Two Denver City Council members, Paul López and Robin Kniech, have proposed a city ordinance to foster community trust between the immigrant community and law enforcement and to promote public safety. According to Kniech and López, the Denver Public Safety Enforcement Priorities Act formalizes practices currently in place in Denver on three fronts and provides one new proposal.
First, the ordinance prevents the detention of individuals beyond their sentence term. Second, it prohibits city employees from requesting or recording of immigration status, unless required by state or federal law.
The third proposal is a new addition to current city policy: the ordinance prohibits city employees from sharing information for purposes of immigration enforcement unless the information falls under certain exceptions.
Fourth, the use of city resources for civil immigration enforcement is prohibited. Also, it prevents city officials’ cooperation with civil immigration enforcement. These prohibitions include not providing access to private areas of inmate facilities to federal officials.
The City Council’s Education and Homelessness Committee passed the Ordinance on Aug. 2, which means the ordinance now moves on to the full vote of the City Council. According to Colorado People’s Alliance, committee members Paul López, Robin Kniech, Stacie Gilmore, Paul Kashmann, and Wayne New voted in support of the ordinance while Kevin Flynn voted in opposition.
“‘Unfortunately, there are a lot of people still living in fear,’” López told The Denver Post. “‘It absolutely is unacceptable. We hope to clarify what our city is already doing and fill in those gaps,’” López said.
Meanwhile, Mayor Hancock has a proposed executive order that is similar to the city ordinance but with a few key differences that some argue do not go far enough in protecting the immigrants. For example, the mayor’s proposed order would allow deputies to notify Immigration and Customs Enforcement (“ICE”) officials of upcoming jail releases of those inmates wanted on immigration matters.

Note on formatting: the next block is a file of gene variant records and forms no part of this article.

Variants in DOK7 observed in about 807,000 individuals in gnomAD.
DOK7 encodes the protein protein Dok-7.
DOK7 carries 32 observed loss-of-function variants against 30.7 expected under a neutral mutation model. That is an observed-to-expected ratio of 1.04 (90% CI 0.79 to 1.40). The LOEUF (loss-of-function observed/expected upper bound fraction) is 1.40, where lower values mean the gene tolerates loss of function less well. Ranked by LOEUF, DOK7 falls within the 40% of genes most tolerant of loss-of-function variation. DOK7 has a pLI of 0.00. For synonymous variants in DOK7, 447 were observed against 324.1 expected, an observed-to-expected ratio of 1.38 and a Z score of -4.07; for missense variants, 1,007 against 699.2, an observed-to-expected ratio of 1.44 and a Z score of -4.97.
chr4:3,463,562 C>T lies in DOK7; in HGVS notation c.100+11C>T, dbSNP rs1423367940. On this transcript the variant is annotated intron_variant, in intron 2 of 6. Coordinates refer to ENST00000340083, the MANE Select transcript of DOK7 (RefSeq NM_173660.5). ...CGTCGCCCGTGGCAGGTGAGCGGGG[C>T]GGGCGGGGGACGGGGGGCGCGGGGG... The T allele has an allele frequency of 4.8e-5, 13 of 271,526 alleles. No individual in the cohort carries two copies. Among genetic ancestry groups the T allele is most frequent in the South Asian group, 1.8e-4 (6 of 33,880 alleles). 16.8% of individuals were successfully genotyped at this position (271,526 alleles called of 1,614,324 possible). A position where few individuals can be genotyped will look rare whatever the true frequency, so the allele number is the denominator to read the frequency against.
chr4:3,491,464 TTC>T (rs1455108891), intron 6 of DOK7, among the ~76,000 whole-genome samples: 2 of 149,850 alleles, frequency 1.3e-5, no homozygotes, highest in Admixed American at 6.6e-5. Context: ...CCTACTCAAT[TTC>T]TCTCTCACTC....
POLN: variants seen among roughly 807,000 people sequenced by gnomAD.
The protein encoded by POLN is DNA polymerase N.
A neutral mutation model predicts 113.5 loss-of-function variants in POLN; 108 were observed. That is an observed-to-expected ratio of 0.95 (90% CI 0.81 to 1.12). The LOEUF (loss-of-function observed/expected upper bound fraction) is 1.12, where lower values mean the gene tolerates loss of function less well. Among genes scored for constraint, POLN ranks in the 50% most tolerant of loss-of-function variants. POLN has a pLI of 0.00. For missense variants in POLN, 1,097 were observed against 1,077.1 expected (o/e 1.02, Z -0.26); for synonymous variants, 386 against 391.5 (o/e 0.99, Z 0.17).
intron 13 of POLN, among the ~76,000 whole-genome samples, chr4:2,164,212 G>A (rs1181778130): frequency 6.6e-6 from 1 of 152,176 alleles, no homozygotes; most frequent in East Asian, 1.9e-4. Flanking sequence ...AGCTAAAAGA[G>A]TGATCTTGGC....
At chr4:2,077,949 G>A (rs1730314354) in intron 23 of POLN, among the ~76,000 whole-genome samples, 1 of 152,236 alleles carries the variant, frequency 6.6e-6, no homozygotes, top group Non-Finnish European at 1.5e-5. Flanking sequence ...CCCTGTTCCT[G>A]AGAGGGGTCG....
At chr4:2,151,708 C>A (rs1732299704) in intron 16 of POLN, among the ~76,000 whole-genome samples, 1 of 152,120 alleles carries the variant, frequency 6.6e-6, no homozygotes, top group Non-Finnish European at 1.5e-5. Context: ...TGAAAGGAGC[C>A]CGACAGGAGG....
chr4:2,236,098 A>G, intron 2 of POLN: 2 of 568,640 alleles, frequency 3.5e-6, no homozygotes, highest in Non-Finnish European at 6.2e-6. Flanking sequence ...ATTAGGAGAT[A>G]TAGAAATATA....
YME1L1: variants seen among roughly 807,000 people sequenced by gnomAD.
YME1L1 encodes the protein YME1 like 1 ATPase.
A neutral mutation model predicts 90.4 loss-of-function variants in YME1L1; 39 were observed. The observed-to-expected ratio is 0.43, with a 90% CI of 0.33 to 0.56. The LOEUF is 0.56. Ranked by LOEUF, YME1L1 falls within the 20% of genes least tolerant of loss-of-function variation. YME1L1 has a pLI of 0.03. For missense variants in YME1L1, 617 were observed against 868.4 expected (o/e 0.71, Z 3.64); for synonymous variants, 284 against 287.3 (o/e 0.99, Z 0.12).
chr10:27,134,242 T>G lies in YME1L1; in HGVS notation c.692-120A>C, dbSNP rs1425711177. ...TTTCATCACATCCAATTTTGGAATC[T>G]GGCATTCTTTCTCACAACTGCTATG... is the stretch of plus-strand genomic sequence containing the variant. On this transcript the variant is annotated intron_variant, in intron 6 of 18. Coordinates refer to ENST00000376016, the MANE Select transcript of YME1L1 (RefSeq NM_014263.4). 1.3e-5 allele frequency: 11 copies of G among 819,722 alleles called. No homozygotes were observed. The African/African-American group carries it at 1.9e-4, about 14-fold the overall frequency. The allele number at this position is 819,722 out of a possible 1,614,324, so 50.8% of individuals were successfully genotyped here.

In contrast, the proposed city ordinance says ICE would not be informed of imminent jail releases of inmates wanted on immigration issues. However, López and Kniech told The Denver Post that deputies would notify ICE and hold the inmates if the ICE agents have a lawful arrest warrant issued by a judge or magistrate.
Chris Lasch, a professor of law at the University of Denver told the Denverite either proposal is likely to offend Attorney General Jeff Sessions. Lasch noted that the provision in Hancock’s proposed order allowing deputies to notify ICE of upcoming releases is a critical difference between the two proposals.
Lasch said allowing notification to ICE of an inmate’s impending release who is wanted on immigration charges could subject that inmate with an original charge of a traffic offense to deportation proceedings.
Colorado Immigrant Rights Coalition, Colorado People’s Alliance, and Mi Familia Vota, community organizations that support immigrants’ rights on social and economic issues have voiced their support of the proposed ordinance and encouraged people to contact city council members. While the groups are grateful for Hancock’s support of the issue, many believe the mayor’s executive order does not go far enough.
Salvador Hernandez of Mi Familia Vota told The Denver Post “‘We’ve been trying to have this conversation with the mayor, but he hasn’t tried to engage with us to solve the problem,’” said Hernandez. “‘We’re still going to push for a city ordinance, which we think it is the appropriate way to do it, ’” he said.
Ira Mehlman, a spokesman for Federation for American Immigration Reform, a group opposed to the proposed city ordinance told The Denver Post that city council’s motivation behind the ordinance, to promote community trust and public safety, are a cover to gain political favor.
Denise Maes, the American Civil Liberties Union of Colorado public policy director, acknowledged to The Denver Post that “‘Mayor Hancock’s draft executive order is definitely a good start, and we applaud the city’s initiative to ensure that Denver remains a safe and welcoming city,’” Meas said.
One issue the ACLU has with the mayor’s executive order is the lack of permanency. A new mayor could rescind the executive order without council approval. Meas hopes the mayor and council can work together and enact a strong permanent ordinance.
The two proposals with alternative approaches to blocking federal immigration enforcement have potential to collide. The Denver City Council will vote on The Denver Public Safety Enforcement Priorities Act at its regular meeting on August 21. According to The Denver Post, it is unclear when the mayor plans on signing the executive order.